Credit rating agencies are corporations which collect information on consumer credit accounts (like mortgages, credit cards, and car loans), and use this information to assess the degree to which a person reliably pays back their loans. They share this information with customers like banks, potential landlords, and increasingly employers, who want to know whether an applicant is a good credit risk. In the United States, there are three major credit rating agencies: Equifax (EFX), Transunion (owned by the Marmon Group), and Experian (EXPN). Credit ratings also exist for corporations and governments, although they are maintained by separate, specialized companies usually referred to as bond rating services. The most important bond ratings companies are Standard & Poor’s (owned by McGraw-Hill) and Moody’s (MCO).
Credit rating agencies work by gathering information about individual lenders from as many sources of credit as possible, and maintaining special files, or reports, on each individual. Data gathered includes the issuer and the amount of all credit agreements, including credit cards, mortgages, car loans, lines of credit, and other debts. In addition, the agency records whether any payments have been late, typically dividing these into late payments over 30 days overdue, over 60 days overdue, and over 90 days overdue. In addition, an entry is also filed on each person’s credit report when someone checks the report as part of an application for new credit.
Once the information has been collected, the agency then uses a proprietary formula to produce a special rating, or credit score. Many different methods of calculating ratings exist, although the most well-known is the Fair Isaac system, commonly referred to as the FICO score. This score represents the extent to which the person has a history of good or poor credit. The highest potential score on the FICO scale is 850; those in the 700 range have good credit. The lowest possible score is 300.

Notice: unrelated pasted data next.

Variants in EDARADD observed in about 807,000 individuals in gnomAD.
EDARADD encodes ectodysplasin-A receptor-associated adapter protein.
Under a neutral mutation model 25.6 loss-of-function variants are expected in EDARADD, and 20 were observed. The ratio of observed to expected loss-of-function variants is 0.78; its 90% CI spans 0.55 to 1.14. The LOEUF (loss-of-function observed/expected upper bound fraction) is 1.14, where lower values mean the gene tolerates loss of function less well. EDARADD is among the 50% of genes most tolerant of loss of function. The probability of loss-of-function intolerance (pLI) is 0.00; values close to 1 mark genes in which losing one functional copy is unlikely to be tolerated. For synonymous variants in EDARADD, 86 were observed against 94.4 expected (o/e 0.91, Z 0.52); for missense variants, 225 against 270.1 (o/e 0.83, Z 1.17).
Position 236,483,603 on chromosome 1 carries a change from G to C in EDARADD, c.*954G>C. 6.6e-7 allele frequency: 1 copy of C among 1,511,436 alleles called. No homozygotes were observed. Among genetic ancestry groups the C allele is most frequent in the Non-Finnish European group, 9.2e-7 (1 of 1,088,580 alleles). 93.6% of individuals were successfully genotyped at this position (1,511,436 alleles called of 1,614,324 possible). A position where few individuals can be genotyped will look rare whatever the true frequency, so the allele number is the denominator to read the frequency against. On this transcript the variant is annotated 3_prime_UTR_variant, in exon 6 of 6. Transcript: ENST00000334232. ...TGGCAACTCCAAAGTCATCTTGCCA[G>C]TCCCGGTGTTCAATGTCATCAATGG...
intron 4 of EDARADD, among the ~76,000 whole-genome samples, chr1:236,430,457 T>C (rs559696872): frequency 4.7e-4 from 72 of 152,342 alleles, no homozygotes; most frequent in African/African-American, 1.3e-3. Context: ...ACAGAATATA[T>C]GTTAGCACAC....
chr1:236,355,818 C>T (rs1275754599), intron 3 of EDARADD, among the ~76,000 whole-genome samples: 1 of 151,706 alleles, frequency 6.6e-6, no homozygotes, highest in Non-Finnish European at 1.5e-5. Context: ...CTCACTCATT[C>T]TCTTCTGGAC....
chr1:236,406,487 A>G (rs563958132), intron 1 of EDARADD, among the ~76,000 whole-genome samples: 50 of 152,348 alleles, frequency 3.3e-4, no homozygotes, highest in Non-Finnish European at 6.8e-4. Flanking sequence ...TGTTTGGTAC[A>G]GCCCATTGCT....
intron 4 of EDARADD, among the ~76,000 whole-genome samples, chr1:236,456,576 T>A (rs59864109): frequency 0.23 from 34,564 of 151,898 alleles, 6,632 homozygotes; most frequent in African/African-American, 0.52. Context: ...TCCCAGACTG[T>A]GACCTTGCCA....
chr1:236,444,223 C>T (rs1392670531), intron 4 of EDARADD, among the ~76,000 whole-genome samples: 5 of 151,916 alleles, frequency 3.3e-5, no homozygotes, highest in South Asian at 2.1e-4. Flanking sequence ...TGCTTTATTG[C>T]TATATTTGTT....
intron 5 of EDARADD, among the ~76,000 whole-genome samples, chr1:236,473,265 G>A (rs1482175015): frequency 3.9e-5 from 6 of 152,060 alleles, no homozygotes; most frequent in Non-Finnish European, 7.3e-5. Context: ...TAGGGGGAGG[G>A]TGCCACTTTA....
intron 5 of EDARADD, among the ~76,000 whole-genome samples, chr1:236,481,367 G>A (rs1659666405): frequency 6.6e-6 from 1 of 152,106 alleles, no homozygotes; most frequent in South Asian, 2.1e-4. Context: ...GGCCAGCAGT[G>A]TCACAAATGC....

Once the data has been gathered and processed, it is made available to the credit rating agency’s clients. Note that in this business relationship, the clients are other companies which extend credit or make credit-related decisions (like landlords and employers), not the individuals themselves. Credit reports are routinely used in many countries for these companies to check up on an applicant’s history and decide whether or not extending them further credit is an unacceptably high risk. A person with a very good credit report is likely to be rewarded with lower interest rates. People with very poor credit scores are likely to be denied a loan entirely, or else offered one at very high interest rates.
In addition, individuals can access their own credit reports – and are encouraged to do so on an annual basis, so that they can detect cases of identity theft or errors, both of which can rapidly ruin an otherwise faultless credit rating. If an error or other problem is identified on the credit report, people must work with the credit agency and with the alleged creditors involved in order to correct the error. In the United States and Canada, credit rating agencies by law must supply a credit report to each individual free of charge upon request. In the United States, each citizen may order their credit report once per year, free of charge, via AnnualCreditReport.com. In Canada, citizens must order and receive their free credit report via the mail; online credit reports are available instantly but must be paid for by a fee.
In the U.S., as stated, the three credit major consumer credit rating agencies are Equifax, Transunion, and Experian. Only Equifax and Transunion are now active in Canada. Experian (itself based in Ireland and England), Equifax and Transunion are also all active in the United Kingdom.